A comparison of the stats put up so far by the six second-year QBs who have started games this season, versus those of the seven rookie starters, offers some surprising numbers.
The second-years have thrown 356 fewer passes, but connected on 10 more touchdowns and 16 fewer interceptions – with a passer rating that’s 7.4 points higher. (See chart at right — this snap of how it appears in print looks far better than my ox-knuckled attempt to chart it up in WordPress.)
Of course it makes intuitive sense that a group of players with double the experience would perform better.
But all we seem to hear about anymore – and, admittedly, we’re as guilty as anyone – is how wonderful the rookies are, such as Robert Griffin III and Andrew Luck, and how woeful the Cam Newtons and Blaine Gabberts of the 2011 class are.
As is often the case, perception belies reality.
Leading the way for the second-years is Andy Dalton of the Cincinnati Bengals.
He got off to a hot start in September, then cooled, but since late October has it together again. Dalton is up to 11th in the league in passer rating (94.0), having completed 63% of his throws for 23 touchdowns against 11 interceptions.
Dalton and A.J. Green are as formidable a pass-and-catch combo as any in the league, having connected on touchdowns in all but two games.
We’ve documented Newton’s struggles this year, but in November the Carolina Panther seems to have finally found a groove in the new zone-read offence concocted for him by head coach Ron Rivera and coordinator Rob Chudzinski.
Newton finally is throwing more touchdowns than interceptions on the season (11-10), and is ripping open his imaginary Clark Kent suit almost as often as he did in his sensational debut last year.
If he can ever stay healthy, Jake Locker of the Tennessee Titans has shown promising glimpses. His forte is making plays outside the pocket with his speed, accuracy on the run and creativity.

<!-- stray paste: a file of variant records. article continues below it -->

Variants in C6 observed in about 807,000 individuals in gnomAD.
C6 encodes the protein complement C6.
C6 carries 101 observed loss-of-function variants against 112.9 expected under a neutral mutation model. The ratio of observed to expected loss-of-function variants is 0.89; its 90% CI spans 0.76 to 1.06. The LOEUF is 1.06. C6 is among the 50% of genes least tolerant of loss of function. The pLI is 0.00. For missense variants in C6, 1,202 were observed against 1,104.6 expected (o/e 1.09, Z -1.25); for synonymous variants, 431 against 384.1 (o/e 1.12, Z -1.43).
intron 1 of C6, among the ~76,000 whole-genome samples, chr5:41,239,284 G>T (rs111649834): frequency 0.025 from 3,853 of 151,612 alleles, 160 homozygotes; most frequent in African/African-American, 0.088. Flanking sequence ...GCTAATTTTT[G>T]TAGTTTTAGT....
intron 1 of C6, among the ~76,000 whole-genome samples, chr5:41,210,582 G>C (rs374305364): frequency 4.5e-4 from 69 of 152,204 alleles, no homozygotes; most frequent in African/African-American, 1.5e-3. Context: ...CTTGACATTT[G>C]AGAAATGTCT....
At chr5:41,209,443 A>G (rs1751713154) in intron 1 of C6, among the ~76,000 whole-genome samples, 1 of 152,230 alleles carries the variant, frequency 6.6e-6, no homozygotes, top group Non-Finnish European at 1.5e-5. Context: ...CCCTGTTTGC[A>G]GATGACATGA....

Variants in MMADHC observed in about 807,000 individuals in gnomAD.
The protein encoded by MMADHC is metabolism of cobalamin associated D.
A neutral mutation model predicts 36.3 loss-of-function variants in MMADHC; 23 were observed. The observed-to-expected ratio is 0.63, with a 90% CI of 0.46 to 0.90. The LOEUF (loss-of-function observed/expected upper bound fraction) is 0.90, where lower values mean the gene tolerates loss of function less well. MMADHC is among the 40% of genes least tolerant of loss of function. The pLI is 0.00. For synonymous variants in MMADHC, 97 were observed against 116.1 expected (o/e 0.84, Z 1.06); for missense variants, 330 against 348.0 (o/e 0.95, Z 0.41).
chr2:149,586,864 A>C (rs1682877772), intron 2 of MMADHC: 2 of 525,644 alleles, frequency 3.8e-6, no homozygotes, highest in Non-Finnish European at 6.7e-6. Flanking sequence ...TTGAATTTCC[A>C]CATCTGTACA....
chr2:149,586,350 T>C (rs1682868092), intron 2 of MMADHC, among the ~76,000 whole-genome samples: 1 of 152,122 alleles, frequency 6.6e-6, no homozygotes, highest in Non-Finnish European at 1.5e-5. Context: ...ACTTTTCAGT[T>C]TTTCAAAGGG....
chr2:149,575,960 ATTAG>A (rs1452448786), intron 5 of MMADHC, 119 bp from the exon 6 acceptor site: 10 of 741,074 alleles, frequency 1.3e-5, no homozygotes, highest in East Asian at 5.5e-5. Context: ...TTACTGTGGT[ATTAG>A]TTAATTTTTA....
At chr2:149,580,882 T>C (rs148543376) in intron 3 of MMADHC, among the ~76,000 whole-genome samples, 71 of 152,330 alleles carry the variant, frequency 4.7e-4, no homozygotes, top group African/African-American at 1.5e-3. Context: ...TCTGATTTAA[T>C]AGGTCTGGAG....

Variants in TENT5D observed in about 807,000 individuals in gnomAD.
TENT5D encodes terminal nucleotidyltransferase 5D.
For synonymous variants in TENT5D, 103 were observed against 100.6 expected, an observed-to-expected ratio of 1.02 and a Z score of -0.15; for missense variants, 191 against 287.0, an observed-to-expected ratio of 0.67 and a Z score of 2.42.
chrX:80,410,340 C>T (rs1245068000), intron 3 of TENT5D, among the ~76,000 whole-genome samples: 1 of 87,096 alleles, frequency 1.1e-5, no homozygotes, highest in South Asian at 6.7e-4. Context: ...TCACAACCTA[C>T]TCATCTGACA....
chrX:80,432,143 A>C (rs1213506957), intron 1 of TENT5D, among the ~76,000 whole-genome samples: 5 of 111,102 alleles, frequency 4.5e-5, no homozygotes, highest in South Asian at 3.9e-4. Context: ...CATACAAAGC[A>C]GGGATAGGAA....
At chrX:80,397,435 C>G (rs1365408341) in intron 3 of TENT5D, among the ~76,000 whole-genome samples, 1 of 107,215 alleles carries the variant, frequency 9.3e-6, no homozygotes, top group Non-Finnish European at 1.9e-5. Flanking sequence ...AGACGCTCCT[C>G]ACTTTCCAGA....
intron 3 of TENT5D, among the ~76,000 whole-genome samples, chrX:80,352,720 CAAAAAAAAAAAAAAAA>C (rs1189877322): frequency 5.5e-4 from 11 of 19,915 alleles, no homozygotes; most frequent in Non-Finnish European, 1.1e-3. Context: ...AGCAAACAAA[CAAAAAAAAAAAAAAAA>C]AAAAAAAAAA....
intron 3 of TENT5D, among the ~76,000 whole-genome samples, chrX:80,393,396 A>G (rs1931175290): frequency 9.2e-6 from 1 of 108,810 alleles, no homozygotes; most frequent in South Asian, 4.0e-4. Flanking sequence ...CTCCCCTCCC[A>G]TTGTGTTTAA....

After riding the bench last year behind b, Locker won the starter’s job in training camp and looked good in early September before shoulder injuries sidelined him for weeks.
Locker is back now, and with a TD-to-interception ratio of 7-4 he has a passer rating of 84.5, better than that of all rookies except RG3 and Russell Wilson.
Christian Ponder seemed to have turned the corner in Year 2 of starting for the Minnesota Vikings, but he hit a wall a month ago, reverting to his scattershot, mostly ineffective rookie form.
It says here that it’s no coincidence Ponder’s plummet began the week the Vikings lost one of the league’s most prolific and dynamic wide receivers in 2012, Percy Harvin (to a badly sprained ankle).
Observers of the Jacksonville Jaguars’ Blaine Gabbert in spring workouts and summer training camp were convinced he was no longer the way-over-his-head rookie. His passes were snapping, his accuracy much improved and his confidence in the pocket actually detectable.
Then the season started.
Until he was lost for the year a week ago Sunday in Houston, Gabbert was barely better. That discarded Dolphin Chad Henne has been lighting it up the past two weeks with the same Jaguars cast is further indictment of Gabbert’s play.
Finally, there’s Colin Kaepernick.
He has started fewer NFL games than any of the second-years – two, both in the past two weeks. Yet already Kaepernick has shown more upside than most of the newbies.
That Niners head coach Jim Harbaugh would bench Alex Smith – who only led Frisco to within an overtime field goal of the Super Bowl last year – in favour of Kaepernick last week in New Orleans tells you how much his own coaches think of him.
But more than that, the second-round draft pick last year out of the University of Nevada has shown the whole league he can be special.
“I think clearly Colin has gotten better mechanically,” ESPN analyst Ron Jaworkski told reporters on a conference call last week. “He’s got incredible natural ability, but he’s got a ways to go as far as getting better, shortening his stroke, being more accurate with his throwing. (But) he’s pretty darn good right now.”
It is Kaepernick’s downfield throwing – not his mobility and elusiveness as a zone-read runner – that has given him an edge over Smith. The threat of a consistently improved vertical passing game can render the 49ers’ already potent rushing attack even more lethal.
There’s one more second-year quarterback who might get his first big career break before the season is out.
Ricky Stanzi backs up Brady Quinn and Matt Cassel in Kansas City. Asked last week if Stanzi might yet play in 2012, Chiefs head coach Romeo Crennel said:
“There’s always a scenario, and we’ll have to evaluate that and see.”
Stanzi would be the 14th first- or second-year quarterback to start a game this year, and the 15th to take a snap with an outcome still in doubt. (Rookie Kirk Cousins filled in for an injured RG3 against Atlanta in September.)
The super sophs vs. the remarkable rookies might make for a captivating class warfare for years to come.